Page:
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Make Yourself Dispensable

By Thomas Haller and Chick Moorman

Are you at all interested in raising a thirty-year-old Nintendo player who lies around your house all day eating cold pizza and sucking up Diet Pepsi? Probably not. If you're like many of the parents who attend our parenting workshops, creating a thirty-year-old video game player is not high on your list of parenting goals. Our prediction is that you are probably a lot more interested in raising a responsible, caring, conscious youngster who, somewhere between the ages of eighteen and twenty-five, is capable of leaving home and living successfully on his or her own.

Raising a responsible young adult, one who can function effectively in today's world, does not happen by luck, coincidence, or magic. It occurs only when parents set out to make it happen by working diligently and purposefully throughout a child's life to see that he or she learns about independence, responsibility, and personal power. It happens where and when parents work intentionally to make themselves dispensable in a child’s life.

Are you interested in making yourself more dispensable so your child can become more responsible and independent? If so, use the suggestions below to help you move closer to your goal of raising an independent, autonomous, fully functioning young adult.

1.)  Believe that making yourself dispensable is your main job as a parent. If you believe that your job is to be needed, that your central role is to do for your children, you will have a difficult time implementing the ideas that follow.

Helping doesn't always help. Sometimes it creates learned helplessness. When you do for your children the things they can do for themselves, you are overfunctioning. Overfunctioning begins with the belief that my children need me to do for them. Change that belief to: my job is to help my children do for themselves.

2.)  Refuse to do for your children what they can do or can learn to do for themselves. Do you do laundry for a teenager? Do you pack your fifth-grader's lunch? Do you tie the shoes and zip the coat of a six-year-old? Do you look up phone numbers for your fourth-grader? If so, you could be overfunctioning.

Remember, the more you function, the less your child has to.

3.)  If you want a behavior, you have to teach a behavior. Children do not naturally know how to bring in firewood, clean the fishbowl, set the table, dry the dishes, or take their own dishes to the sink after dinner. If you don't teach behaviors, you could end up doing them all yourself.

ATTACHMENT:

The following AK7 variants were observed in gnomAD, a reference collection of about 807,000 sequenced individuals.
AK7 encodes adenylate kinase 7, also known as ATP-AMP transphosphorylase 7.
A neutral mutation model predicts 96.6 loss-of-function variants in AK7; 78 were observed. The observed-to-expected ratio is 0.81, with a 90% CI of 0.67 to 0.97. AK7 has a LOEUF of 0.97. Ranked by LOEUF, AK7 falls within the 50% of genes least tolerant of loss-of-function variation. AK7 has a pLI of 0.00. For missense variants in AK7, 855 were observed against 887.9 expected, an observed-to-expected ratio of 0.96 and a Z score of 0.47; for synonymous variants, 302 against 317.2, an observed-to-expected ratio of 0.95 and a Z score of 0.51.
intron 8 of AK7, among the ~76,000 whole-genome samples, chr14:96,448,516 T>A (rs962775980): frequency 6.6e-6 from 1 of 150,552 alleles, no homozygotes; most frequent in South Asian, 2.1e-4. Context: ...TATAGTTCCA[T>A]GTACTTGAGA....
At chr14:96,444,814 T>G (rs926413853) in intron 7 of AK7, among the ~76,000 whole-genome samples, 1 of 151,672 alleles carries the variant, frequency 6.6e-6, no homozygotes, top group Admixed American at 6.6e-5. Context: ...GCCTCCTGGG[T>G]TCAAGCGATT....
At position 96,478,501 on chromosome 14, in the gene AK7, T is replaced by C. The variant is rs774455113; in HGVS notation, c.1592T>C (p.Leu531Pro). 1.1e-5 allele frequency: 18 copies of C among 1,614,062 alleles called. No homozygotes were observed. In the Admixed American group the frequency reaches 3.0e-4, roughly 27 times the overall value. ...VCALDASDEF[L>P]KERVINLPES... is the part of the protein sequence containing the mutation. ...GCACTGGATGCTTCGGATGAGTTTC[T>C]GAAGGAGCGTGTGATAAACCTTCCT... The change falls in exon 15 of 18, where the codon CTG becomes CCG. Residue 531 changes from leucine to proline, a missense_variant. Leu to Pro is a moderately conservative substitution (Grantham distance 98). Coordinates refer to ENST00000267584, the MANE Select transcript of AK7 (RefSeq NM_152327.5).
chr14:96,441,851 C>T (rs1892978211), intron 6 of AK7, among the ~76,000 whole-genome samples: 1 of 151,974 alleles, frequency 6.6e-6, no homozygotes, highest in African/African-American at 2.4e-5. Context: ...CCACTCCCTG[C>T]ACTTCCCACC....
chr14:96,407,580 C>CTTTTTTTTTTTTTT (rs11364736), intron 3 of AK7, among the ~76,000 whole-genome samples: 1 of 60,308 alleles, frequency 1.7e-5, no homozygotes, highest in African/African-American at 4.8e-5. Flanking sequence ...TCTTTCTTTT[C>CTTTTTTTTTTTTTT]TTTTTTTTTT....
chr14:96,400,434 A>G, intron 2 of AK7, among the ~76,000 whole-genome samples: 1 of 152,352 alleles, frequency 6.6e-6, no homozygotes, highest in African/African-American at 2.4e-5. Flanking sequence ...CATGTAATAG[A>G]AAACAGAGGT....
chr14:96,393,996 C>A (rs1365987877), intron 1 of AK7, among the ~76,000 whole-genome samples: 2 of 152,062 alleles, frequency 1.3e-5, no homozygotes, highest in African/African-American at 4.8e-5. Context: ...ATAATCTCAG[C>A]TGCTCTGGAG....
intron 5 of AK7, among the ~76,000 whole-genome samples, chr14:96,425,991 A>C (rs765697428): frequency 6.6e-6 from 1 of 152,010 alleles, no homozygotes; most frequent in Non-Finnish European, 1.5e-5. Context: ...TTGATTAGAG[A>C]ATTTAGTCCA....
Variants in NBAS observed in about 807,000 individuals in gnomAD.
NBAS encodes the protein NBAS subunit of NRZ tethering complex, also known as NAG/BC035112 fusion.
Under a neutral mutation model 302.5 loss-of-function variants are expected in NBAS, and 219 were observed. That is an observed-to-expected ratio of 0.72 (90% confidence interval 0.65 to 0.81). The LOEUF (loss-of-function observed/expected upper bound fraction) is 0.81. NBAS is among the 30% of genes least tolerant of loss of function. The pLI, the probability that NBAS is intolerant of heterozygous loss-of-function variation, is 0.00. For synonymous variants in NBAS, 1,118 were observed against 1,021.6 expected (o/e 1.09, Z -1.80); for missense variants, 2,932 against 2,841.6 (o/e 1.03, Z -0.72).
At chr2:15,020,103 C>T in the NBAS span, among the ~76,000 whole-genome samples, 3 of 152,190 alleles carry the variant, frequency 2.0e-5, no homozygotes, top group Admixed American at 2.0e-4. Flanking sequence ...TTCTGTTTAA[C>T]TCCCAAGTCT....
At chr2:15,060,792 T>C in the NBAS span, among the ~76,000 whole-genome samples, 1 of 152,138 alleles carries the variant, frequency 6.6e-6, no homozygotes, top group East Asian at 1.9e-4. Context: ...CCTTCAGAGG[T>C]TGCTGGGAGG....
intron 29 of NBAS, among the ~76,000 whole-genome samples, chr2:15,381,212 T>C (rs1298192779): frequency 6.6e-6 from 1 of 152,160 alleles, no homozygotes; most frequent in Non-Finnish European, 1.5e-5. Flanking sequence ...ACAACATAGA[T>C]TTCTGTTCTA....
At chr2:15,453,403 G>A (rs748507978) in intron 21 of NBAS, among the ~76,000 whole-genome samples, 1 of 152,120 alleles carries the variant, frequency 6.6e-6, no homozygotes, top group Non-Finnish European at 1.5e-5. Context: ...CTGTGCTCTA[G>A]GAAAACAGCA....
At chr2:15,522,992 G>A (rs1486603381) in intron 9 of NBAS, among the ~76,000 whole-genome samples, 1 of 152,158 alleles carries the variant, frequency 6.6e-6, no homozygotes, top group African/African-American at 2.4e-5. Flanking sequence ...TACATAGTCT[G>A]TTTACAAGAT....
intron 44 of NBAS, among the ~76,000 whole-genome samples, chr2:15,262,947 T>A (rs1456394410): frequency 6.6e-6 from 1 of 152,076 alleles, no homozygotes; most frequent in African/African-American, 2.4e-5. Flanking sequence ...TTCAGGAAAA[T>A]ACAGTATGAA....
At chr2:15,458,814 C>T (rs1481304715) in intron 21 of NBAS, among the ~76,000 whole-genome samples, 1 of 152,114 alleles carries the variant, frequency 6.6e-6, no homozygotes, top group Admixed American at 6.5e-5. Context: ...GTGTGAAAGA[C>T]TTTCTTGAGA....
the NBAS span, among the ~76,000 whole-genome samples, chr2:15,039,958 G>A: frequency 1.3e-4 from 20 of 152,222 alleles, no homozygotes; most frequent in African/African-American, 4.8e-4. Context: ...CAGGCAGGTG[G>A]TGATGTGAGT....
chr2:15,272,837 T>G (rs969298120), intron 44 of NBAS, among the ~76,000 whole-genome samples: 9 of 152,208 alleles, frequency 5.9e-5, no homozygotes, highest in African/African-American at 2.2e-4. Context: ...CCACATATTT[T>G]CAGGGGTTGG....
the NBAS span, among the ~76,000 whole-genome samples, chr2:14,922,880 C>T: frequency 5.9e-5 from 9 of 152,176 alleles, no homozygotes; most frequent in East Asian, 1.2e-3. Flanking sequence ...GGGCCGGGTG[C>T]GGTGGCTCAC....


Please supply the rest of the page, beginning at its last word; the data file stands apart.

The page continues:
4.)  Refrain from answering for your child. We recently overheard a conversation where a friend approached a parent and child and spoke to the child, asking her a direct question: "How are you doing today, Maria?" The mother responded for the child, replying, "She's not in a very good mood today." The silent message the parent delivered to the child was: "You don't have to speak up for yourself. I will take care of you."

When the doctor asks, "Why are you here today?," when the neighbor inquires, "What was your favorite birthday present?," or when Grandma wants to know, "How do you like school this year?," stay out of it. Allow your child to answer for him- or herself.

5.) Teach your child to ask for help. One way to do that is to not help them until they ask. Parents often rush in with help before the child has articulated a desire for help. Why would a child ever need to ask for help if help always arrives without asking?

6.) Teach children to solve their own problems. Do not say, "Don't say anything to your mother. I'll handle it for you. I know your mother well, and I can catch her in a good mood."

Say instead, "You're going to have to handle this with your mother. Let me teach you what I know. I generally try to catch her in the afternoon because she gets real busy in the morning. If she's having a bad hair day, forget it. Also, she responds better if you make it sound like a suggestion rather than a demand. Hopefully, these tips will help. I know you can handle it." This style of speaking announces to your child that you believe in him and that you see him as capable.

7.) Refrain from rescuing children from experiencing the legitimate consequences of their actions. Do not rescue, save, bail them out, let them slide, accept excuses, or fail to hold them accountable for the choices they make. When you refuse to protect children from the choices they make, you allow them to take responsibility for their lives.

Raising responsible children is not an easy task. It takes effort, energy, and persistence. You can do that best when you take steps like the ones listed above to make yourself dispensable.


Thomas Haller and Chick Moorman are the coauthors of Teaching the Attraction Principle to Children: Practical Strategies for Parents and Teachers to Help Children Manifest a Better World. They are two of the world's foremost authorities on raising responsible, caring, confident children. They publish a free monthly e-zine for educators and another for parents. To sign up for them or to learn more about the seminars they offer teachers and parents, visit their websites today: and